Native New Yorkers The Youngbloods formed under the leadership of Jesse Colin Young in 1967 and played soft rock numbers with a light jazz feel, successfully avoiding the pitfall of playing cocktail pseudo-jazz.
Young got his start on the folk circuits of Boston and New York and had already cut a couple of solo albums before forming The Youngbloods.
The band had a big US hit with Get Together which drew them to L.A. where they found the lifestyle and attitudes more in tune with their own and based themselves in Inverness, California.
While Young was always the focal point of the band, their first two albums – The Youngbloods (1967) and Earth Music (1967) – also had songwriting contributions from their original guitarist Jerry Corbitt, who tired of commuting between New York and the West Coast and quit the band, leaving The Youngbloods reduced to a trio.
The band still had plenty of talent – notably multitalented Lowell ‘Banana’ Levinger, who played most of the instruments on Elephant Mountain (1969), which was produced by, of all people, Charlie Daniels.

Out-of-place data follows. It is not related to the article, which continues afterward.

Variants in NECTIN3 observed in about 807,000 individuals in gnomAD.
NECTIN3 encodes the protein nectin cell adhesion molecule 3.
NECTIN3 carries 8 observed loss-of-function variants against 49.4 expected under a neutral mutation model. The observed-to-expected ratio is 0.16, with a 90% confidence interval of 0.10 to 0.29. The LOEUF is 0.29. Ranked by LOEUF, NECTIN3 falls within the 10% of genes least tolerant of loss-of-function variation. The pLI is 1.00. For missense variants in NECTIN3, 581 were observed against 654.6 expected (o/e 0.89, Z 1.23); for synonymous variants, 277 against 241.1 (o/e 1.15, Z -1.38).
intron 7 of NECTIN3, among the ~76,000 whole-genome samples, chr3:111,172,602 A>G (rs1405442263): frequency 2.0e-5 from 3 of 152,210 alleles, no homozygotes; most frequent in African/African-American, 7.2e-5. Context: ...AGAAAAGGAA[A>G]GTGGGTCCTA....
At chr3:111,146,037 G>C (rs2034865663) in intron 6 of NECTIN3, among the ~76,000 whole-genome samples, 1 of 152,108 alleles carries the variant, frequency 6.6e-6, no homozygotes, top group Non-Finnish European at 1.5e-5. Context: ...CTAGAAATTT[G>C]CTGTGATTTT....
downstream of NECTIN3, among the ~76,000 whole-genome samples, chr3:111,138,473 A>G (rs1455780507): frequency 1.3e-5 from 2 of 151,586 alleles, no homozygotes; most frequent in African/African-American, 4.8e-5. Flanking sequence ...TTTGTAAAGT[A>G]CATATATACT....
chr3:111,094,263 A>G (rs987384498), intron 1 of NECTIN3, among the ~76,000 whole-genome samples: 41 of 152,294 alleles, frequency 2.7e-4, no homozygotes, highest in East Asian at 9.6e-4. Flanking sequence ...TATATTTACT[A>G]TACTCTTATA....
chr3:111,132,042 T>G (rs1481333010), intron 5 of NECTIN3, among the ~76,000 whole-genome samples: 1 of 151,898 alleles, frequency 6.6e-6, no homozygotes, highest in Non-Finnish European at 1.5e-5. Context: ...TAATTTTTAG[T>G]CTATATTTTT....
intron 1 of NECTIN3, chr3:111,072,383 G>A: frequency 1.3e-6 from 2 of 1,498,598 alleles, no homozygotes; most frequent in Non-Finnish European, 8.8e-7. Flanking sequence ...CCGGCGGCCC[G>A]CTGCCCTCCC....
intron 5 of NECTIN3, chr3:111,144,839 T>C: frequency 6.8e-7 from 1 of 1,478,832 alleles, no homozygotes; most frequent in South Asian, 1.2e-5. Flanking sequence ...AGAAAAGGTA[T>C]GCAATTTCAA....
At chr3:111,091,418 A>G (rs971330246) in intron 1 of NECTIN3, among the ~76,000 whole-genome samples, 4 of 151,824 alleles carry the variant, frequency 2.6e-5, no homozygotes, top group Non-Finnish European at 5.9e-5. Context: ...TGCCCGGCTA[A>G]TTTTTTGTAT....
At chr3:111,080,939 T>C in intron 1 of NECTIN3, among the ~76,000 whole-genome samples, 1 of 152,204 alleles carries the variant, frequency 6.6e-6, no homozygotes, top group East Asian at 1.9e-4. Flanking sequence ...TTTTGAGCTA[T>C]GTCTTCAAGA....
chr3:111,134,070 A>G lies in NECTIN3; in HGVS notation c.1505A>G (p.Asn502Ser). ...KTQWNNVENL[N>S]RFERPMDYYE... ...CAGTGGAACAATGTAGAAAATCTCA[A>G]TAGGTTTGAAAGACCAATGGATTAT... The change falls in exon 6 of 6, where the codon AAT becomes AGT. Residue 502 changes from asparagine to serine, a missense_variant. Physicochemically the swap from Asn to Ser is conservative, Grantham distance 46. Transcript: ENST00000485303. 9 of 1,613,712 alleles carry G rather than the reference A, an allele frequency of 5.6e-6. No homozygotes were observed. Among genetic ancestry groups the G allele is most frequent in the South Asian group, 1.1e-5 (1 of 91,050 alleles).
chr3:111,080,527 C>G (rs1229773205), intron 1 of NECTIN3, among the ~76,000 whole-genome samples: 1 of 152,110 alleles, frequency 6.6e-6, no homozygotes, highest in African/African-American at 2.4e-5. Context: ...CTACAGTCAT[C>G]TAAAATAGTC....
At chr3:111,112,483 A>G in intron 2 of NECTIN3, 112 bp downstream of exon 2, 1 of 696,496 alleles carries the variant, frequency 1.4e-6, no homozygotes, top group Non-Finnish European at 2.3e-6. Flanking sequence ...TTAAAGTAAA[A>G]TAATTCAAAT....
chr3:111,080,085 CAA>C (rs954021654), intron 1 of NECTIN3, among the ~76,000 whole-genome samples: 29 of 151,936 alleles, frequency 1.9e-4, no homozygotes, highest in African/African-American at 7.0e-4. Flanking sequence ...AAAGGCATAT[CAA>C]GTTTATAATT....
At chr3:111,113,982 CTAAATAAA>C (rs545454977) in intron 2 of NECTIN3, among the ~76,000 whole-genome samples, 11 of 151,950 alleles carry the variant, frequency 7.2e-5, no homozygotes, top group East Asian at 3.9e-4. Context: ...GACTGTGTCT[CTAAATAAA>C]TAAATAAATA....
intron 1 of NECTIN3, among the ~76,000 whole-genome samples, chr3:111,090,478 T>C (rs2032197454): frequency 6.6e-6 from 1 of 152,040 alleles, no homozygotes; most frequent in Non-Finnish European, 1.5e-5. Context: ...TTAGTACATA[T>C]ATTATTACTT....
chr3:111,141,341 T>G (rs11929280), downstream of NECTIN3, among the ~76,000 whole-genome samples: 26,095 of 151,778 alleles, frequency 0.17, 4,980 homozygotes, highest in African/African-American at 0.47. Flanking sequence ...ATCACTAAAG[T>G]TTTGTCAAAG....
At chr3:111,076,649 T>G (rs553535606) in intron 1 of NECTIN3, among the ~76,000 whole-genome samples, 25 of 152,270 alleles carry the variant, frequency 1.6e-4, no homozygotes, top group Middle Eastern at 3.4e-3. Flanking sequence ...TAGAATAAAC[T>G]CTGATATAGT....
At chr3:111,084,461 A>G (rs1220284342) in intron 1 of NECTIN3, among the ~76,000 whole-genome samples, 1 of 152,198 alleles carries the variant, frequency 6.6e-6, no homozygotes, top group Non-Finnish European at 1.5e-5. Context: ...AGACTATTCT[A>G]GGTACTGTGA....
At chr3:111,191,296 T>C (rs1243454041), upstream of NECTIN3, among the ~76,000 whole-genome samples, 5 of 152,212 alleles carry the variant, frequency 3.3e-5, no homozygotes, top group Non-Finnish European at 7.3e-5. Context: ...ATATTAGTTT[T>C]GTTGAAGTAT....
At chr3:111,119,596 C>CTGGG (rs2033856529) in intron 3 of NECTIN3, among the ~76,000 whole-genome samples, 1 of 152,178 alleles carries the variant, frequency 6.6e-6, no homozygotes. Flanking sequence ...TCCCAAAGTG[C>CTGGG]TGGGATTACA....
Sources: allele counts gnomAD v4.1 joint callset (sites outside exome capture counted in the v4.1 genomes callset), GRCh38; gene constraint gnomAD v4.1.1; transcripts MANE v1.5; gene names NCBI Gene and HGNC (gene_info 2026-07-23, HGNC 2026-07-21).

Reflecting the mellowing influence of San Francisco psychedelia, it was their best effort, featuring some of Young’s best songs.
Their two previous albums had presented them as purveyors of the same sunny folk rock and bluesy pop as The Lovin’ Spoonful, but their interests in jazz and dynamic subtleties marked them out from their new West Coast neighbours.
“We were able to engage an audience without being real powerful, loud and crunchy, like Blue Cheer and that type of scene,” Levinger observed in 2003.
The band released a few more albums in the early ’70s (some live), but on these the mellow California rock sound that had served them well on Elephant Mountain began to turn limpid and wimpy.
The group broke up in 1972, and Jesse Colin Young had a long and moderately successful career as a solo singer/songwriter.
Jesse Colin Young
Vocals, guitar, bass
Lowell ‘Banana’ Levinger III
Guitar, electric piano